Backup rig: Core i7 7700k

Reply 98 of 103, by Joseph_Joestar

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bloodem wrote on 2022-01-15, 10:52:

Very nice! The Abit KT7A is an awesome and rare board, though... especially considering that it also has an ISA slot. 😀

Yeah, unfortunately, it's pretty hard to come by nowadays. I only have it because I kept my old 2001 rig and upgraded it over the years.

The ISA slot is the icing on the cake, providing superb DOS sound compatibility. Using Throttle and SetMul, this system can cover an incredible range of speed settings. If anyone's curious, check the link in my signature for more details.

Now, from what I've read, these CPUs aren't exactly "unlocked", at least not the lower multipliers, so it's up to the motherboard to "unlock" them.

Early Thoroughbred CPUs (released up to a certain production week) should be fully unlocked, regardless of the motherboard. I apparently have one of those.

PC#1: Pentium MMX 166 / Soyo SY-5BT / S3 Trio64V+ / Voodoo1 / OPTi 82C930 / AWE64
PC#2: Celeron 466 / Abit ZM6 / Voodoo3 / AWE64 Gold / YMF744 / SC-155
PC#3: AthlonXP 1700+ / Abit KT7A / GeForce4 / SBLive / ALS100
PC#4: Athlon64 3700+ / DFI LanParty / 9600GT / X-Fi Titanium

Reply 99 of 103, by bloodem

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Joseph_Joestar wrote on 2022-01-15, 11:03:

Yeah, unfortunately, it's pretty hard to come by nowadays. I only have it because I kept my old 2001 rig and upgraded it over the years.

I wish I had done the same. Unfortunately, 2 decades ago I was forced to sell my old rig, so that I could afford a new one...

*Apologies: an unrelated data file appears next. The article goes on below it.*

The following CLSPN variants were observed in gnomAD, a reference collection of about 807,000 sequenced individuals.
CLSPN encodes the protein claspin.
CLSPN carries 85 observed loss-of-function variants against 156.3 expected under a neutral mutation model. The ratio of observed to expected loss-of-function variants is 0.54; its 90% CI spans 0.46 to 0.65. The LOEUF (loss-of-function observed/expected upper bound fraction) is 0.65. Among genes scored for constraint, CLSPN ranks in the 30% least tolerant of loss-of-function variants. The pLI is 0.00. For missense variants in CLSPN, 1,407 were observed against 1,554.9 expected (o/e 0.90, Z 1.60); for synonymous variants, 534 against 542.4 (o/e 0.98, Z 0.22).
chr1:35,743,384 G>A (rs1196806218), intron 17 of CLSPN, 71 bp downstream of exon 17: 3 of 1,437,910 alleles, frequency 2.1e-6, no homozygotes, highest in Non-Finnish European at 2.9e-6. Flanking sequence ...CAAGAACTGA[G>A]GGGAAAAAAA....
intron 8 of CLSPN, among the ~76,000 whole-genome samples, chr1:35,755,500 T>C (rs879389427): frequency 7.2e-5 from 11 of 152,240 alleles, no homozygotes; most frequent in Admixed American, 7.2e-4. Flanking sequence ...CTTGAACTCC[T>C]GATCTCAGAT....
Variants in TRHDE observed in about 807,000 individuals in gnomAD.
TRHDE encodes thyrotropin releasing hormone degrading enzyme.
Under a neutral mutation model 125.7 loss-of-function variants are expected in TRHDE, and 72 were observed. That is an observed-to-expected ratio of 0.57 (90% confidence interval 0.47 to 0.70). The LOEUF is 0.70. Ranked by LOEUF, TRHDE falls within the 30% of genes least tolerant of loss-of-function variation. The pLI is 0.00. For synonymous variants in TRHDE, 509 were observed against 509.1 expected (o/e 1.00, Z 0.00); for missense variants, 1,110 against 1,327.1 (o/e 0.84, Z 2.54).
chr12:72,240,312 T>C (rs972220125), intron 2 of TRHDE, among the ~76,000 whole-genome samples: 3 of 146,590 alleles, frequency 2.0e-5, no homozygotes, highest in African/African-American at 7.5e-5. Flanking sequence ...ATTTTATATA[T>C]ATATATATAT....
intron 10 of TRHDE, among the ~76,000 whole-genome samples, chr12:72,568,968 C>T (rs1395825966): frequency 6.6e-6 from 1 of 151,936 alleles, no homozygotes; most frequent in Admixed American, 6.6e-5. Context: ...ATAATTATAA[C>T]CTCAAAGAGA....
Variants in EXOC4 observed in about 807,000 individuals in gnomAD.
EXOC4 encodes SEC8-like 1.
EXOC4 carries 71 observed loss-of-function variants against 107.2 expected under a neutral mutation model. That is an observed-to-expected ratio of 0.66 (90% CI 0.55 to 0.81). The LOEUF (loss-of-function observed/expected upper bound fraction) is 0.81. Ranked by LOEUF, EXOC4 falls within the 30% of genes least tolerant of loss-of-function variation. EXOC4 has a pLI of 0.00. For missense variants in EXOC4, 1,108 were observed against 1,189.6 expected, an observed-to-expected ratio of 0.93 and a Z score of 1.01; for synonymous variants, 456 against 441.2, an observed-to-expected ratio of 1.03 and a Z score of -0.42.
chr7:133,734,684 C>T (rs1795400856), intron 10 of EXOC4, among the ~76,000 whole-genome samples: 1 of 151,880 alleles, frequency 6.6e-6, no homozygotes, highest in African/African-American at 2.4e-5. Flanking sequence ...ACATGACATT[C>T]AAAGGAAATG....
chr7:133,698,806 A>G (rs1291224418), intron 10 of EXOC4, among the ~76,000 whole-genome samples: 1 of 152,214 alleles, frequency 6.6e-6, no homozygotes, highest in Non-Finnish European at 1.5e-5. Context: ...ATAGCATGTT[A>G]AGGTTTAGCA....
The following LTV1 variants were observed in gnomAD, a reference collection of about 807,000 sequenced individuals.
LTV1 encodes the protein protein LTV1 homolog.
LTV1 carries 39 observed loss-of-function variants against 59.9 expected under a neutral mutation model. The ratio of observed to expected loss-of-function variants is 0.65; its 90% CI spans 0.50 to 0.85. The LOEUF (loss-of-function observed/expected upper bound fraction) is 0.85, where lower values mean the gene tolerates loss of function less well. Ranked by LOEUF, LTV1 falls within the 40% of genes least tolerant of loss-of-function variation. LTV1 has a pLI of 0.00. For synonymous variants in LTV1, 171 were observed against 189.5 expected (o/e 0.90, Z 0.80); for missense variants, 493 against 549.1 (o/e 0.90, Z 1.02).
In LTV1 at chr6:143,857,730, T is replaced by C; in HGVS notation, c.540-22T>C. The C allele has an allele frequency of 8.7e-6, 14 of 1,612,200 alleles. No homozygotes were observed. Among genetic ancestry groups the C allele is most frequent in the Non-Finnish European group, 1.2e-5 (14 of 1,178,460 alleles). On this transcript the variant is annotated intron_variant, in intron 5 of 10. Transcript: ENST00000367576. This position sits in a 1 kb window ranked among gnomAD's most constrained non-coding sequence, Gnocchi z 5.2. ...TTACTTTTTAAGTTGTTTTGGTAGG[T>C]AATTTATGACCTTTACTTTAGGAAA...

Joseph_Joestar wrote on 2022-01-15, 11:03:

The ISA slot is the icing on the cake, providing superb DOS sound compatibility.

Yeah, pretty awesome! My go-to sound card for the Athlon XP builds is the Yamaha YMF7x4. Even though it's a PCI card, it works incredibly well on these late VIA chipsets (with the DSDMA TSR). In fact, out of all the DOS games that I play, there is only one game that fails to start (because of DSDMA): Jazz Jackrabbit. One day I'll need to dig a little deeper, see if I can find any workaround to this problem, because it's really bugging me. 😁

Joseph_Joestar wrote on 2022-01-15, 11:03:

Early Thoroughbred CPUs (released up to a certain production week) should be fully unlocked, regardless of the motherboard. I apparently have one of those.

Oh, OK! That would explain it, then. The thing is... I also tested with what should be a pretty early Thoroughbred 1700+ (year 2002 / week 36), but on my KT133/KT266 boards I get no post with lower multipliers. The same CPU works great on the KT400/KT600 boards that I have.

2 x PGA132 / 5 x Socket 3 / 9 x Socket 7 / 12 x SS7 / 1 x Socket 8 / 14 x Slot 1 / 5 x Slot A
5 x Socket 370 / 8 x Socket A / 2 x Socket 478 / 2 x Socket 754 / 3 x Socket 939 / 7 x LGA775 / 1 x LGA1155
Current rig: Ryzen 5 3600X
Backup rig: Core i7 7700k